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I always wondered if I’d actually end up playing like Lionel Messi if I put on a pair of Adidas F50 Adizero boots. Apparently, Messi is one of the quickest players around and wears one of the lightest pairs of football boots – a pair of boots I was more than happy to try out and explore closer.
The boots are worn by some of the world’s best players, including Barcelona’s Lionel Messi and David Villa, and more recently, Nani from Manchester United. Lucky enough, we were sent a pair of the Adidas Adizero to test out and wear out, to see if they were really worth all of the hype.
The whole experience counts with the Adizero, from the moment you take them out of the box (or bubble wrap in my case). They’re almost too light… having tested out a pair of Nike Mercurial Vapours before I can safely say that the difference is noticeable on first lift. I think this is a nice video showing the first impressions and the feeling of taking out the fresh pair of Adizeros.
I took this beautiful pair of golden Adidas boots on a test-run and have the complete performance review for them. How they felt, how they still feel, and how they compare to other boots I’ve tested or owned before. While being the lightest boot I’ve ever tried on (by far), they were not the sexiest (Mercurial Vapour 1 is still the design king… at least in my opinion.)
However, as I mentioned before, the design of the Adizero is fantastic even though it’s not my favorite. The leather version actually does look a lot nicer and feels much more rugged than the synthetic, even though it has a few grams extra. I also don’t think a pair of Nike boots can compare to a blackout version of Adizero which are pretty deadly serious in attractiveness. The leather is just a bit more appealing, with nice stitching and perhaps offering more comfort than a synthetic upper.
I judged these boots based on the same criteria as my Concave PT+ Classics review.
As mentioned a bit earlier, the Adidas F50 Adizero is one of my favorite designed boots.. and deserves to be. It’s not as classic as the Pelé Sports 1970’s and not as gimmicky as the Concave PT+ Classics. The guys over at Adidas used a simple design aimed at branding and reducing weight. Taking that into account, I rated the Adizero with a solid 9/10 for design (would be higher if they had sent me a blackout pair!).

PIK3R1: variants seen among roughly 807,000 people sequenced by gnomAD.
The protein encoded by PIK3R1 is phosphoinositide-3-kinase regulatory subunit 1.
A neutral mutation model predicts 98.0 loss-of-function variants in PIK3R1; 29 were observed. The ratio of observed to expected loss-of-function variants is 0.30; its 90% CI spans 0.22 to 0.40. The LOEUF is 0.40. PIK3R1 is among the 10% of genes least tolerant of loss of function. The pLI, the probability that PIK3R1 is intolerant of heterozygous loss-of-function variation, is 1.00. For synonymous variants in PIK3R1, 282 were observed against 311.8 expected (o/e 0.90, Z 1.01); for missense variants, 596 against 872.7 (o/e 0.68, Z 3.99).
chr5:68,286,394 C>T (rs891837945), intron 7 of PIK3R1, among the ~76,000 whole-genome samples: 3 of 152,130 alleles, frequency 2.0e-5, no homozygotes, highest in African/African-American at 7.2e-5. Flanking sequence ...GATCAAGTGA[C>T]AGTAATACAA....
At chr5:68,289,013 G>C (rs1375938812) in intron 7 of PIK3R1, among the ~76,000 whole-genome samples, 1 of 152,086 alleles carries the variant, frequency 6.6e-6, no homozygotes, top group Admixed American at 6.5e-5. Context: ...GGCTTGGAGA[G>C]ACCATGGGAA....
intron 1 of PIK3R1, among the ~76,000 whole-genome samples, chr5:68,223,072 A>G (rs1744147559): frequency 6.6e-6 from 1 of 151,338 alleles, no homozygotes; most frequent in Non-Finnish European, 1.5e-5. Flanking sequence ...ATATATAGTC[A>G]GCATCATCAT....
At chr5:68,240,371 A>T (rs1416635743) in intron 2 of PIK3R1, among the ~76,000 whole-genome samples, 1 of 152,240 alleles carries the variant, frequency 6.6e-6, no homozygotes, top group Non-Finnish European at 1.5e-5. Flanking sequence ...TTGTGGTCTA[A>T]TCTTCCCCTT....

When you take away so much to reduce weight, some parts of the boot become a bit uncomfortable. While the fit is amazing, slipping on and fitting like a sock, the heel does get a bit uncomfortable, especially when wet. This happened to me before with the Nike Mercurial Vapors, but there the problem was the ankle. What I noticed was slight pain in the heels, especially when the boot was wet!
In terms of flexibility, this is the most flexible and adaptable boot I’ve ever put on, beating the Vapours I and II by a pretty big margin in that department. They’re flexible and thin on top, but it really, really hurts to get stepped on. So try to avoid that if you buy these specific boots. I imagine the synthetics to be even more painful when getting stepped on or hit.
Overall, a very comfortable football boot with high flexibility. Despite the heel problems, I rated the Adizero comfort-wise with a generous 7.5/10.
Before evaluating some of the important benefits of playing with these boots, it’s important to note that this is purely personal opinion and that I am not a typical “speed” player. I find myself most comfortable in boots like Adidas Predator, Nike Tiempo, and the Pelé Sports 1970 boots.
However, I’ve had a lot of experience testing speed boots and can say that while playing, the impacts of the speed boot were seen much faster and much better with the Adizero than other speed boots I’ve tested. The F50 Adizero is a true speed boot and doesn’t come with any gimmicks.
- Turning – The studs really work for quick turning and acceleration. They’re one of the best parts of the boot (besides the fact that they break easy). Turning is much quicker also due to the flexibility.
- Touch – Surprisingly good touch on the ball, but I was also lucky to be given a leather pair to try out. With a full-synthetic upper, the touch is very different so I can’t comment on that personally. I liked the touch on the ball more than with my other pair of Adidas Adipures, so I’d advise Kaka to switch over.
- Shooting – Not being used to the very thin upper meant some shocking first shots for me. Using a very heavy ball, kicking can be a bit more painful. I’m also worried about some metatarsal problems that can come along with kicking in these boots. But I’m no expert on that. All I know is that you definitely feel it a lot more than in a pair of control boots.
- Durability – I’ve had and played with the boots for a while now and they’re still doing very well. As I mentioned above, one of the studs fell out and I’ve read that this is a common problem. Maybe this has been fixed on more recent versions. The upper, however, has done well over the time.
My overall performance score: 8.5/10
The best thing about this boot is the price – being much lower than it’s biggest competitors. This is very important as the quality is also there, the only area it lacks behind might be design, but the F50 Adizero seems to appeal to a lot of people anyways, and I can see why. This is the speed boot of the next few years, unless other companies come up with something better than they’ve been doing. I’d say if you’re a speed player, take these rather than the competitor. But if you want to know which speed boot to buy for your needs, read my 10-11 Speed Boots Review.
My personal conclusion – love the weight, love the design, but miss the Predator touch!